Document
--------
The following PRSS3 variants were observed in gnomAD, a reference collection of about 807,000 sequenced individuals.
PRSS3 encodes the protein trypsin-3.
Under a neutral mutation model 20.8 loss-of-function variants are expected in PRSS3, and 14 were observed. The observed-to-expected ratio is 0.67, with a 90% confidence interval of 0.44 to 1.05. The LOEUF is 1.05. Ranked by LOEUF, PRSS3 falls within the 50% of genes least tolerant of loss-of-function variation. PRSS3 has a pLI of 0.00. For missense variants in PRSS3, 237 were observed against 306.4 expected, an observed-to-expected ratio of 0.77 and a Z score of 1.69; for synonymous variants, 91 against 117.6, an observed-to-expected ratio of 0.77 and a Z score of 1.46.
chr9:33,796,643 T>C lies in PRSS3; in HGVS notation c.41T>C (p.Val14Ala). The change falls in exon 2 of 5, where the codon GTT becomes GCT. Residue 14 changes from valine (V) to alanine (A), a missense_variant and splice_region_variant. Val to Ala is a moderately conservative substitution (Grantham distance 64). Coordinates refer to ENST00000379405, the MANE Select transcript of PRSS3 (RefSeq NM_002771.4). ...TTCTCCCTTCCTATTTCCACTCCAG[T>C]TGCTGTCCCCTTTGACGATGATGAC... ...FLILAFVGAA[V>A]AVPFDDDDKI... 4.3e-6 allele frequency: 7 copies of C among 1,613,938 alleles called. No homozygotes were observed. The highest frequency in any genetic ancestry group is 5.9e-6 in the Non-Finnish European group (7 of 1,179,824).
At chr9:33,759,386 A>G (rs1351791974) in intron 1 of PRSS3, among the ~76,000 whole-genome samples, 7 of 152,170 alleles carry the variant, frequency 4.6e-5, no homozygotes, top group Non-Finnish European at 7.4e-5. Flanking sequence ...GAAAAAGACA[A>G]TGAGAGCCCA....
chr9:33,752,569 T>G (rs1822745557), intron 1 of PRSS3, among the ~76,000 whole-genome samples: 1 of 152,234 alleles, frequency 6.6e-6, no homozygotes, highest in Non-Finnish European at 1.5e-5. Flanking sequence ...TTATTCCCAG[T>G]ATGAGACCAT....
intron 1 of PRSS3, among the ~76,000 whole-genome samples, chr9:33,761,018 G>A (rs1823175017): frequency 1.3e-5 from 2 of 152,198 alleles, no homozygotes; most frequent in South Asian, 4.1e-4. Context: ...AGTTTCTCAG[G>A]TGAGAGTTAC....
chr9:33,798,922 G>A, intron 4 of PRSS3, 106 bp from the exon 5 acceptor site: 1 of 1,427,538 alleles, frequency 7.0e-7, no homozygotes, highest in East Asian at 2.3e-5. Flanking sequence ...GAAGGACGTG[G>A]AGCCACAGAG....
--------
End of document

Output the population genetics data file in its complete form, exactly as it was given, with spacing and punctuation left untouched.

The following PRSS3 variants were observed in gnomAD, a reference collection of about 807,000 sequenced individuals.
PRSS3 encodes the protein trypsin-3.
Under a neutral mutation model 20.8 loss-of-function variants are expected in PRSS3, and 14 were observed. The observed-to-expected ratio is 0.67, with a 90% confidence interval of 0.44 to 1.05. The LOEUF is 1.05. Ranked by LOEUF, PRSS3 falls within the 50% of genes least tolerant of loss-of-function variation. PRSS3 has a pLI of 0.00. For missense variants in PRSS3, 237 were observed against 306.4 expected, an observed-to-expected ratio of 0.77 and a Z score of 1.69; for synonymous variants, 91 against 117.6, an observed-to-expected ratio of 0.77 and a Z score of 1.46.
chr9:33,796,643 T>C lies in PRSS3; in HGVS notation c.41T>C (p.Val14Ala). The change falls in exon 2 of 5, where the codon GTT becomes GCT. Residue 14 changes from valine (V) to alanine (A), a missense_variant and splice_region_variant. Val to Ala is a moderately conservative substitution (Grantham distance 64). Coordinates refer to ENST00000379405, the MANE Select transcript of PRSS3 (RefSeq NM_002771.4). ...TTCTCCCTTCCTATTTCCACTCCAG[T>C]TGCTGTCCCCTTTGACGATGATGAC... ...FLILAFVGAA[V>A]AVPFDDDDKI... 4.3e-6 allele frequency: 7 copies of C among 1,613,938 alleles called. No homozygotes were observed. The highest frequency in any genetic ancestry group is 5.9e-6 in the Non-Finnish European group (7 of 1,179,824).
At chr9:33,759,386 A>G (rs1351791974) in intron 1 of PRSS3, among the ~76,000 whole-genome samples, 7 of 152,170 alleles carry the variant, frequency 4.6e-5, no homozygotes, top group Non-Finnish European at 7.4e-5. Flanking sequence ...GAAAAAGACA[A>G]TGAGAGCCCA....
chr9:33,752,569 T>G (rs1822745557), intron 1 of PRSS3, among the ~76,000 whole-genome samples: 1 of 152,234 alleles, frequency 6.6e-6, no homozygotes, highest in Non-Finnish European at 1.5e-5. Flanking sequence ...TTATTCCCAG[T>G]ATGAGACCAT....
intron 1 of PRSS3, among the ~76,000 whole-genome samples, chr9:33,761,018 G>A (rs1823175017): frequency 1.3e-5 from 2 of 152,198 alleles, no homozygotes; most frequent in South Asian, 4.1e-4. Context: ...AGTTTCTCAG[G>A]TGAGAGTTAC....
chr9:33,798,922 G>A, intron 4 of PRSS3, 106 bp from the exon 5 acceptor site: 1 of 1,427,538 alleles, frequency 7.0e-7, no homozygotes, highest in East Asian at 2.3e-5. Flanking sequence ...GAAGGACGTG[G>A]AGCCACAGAG....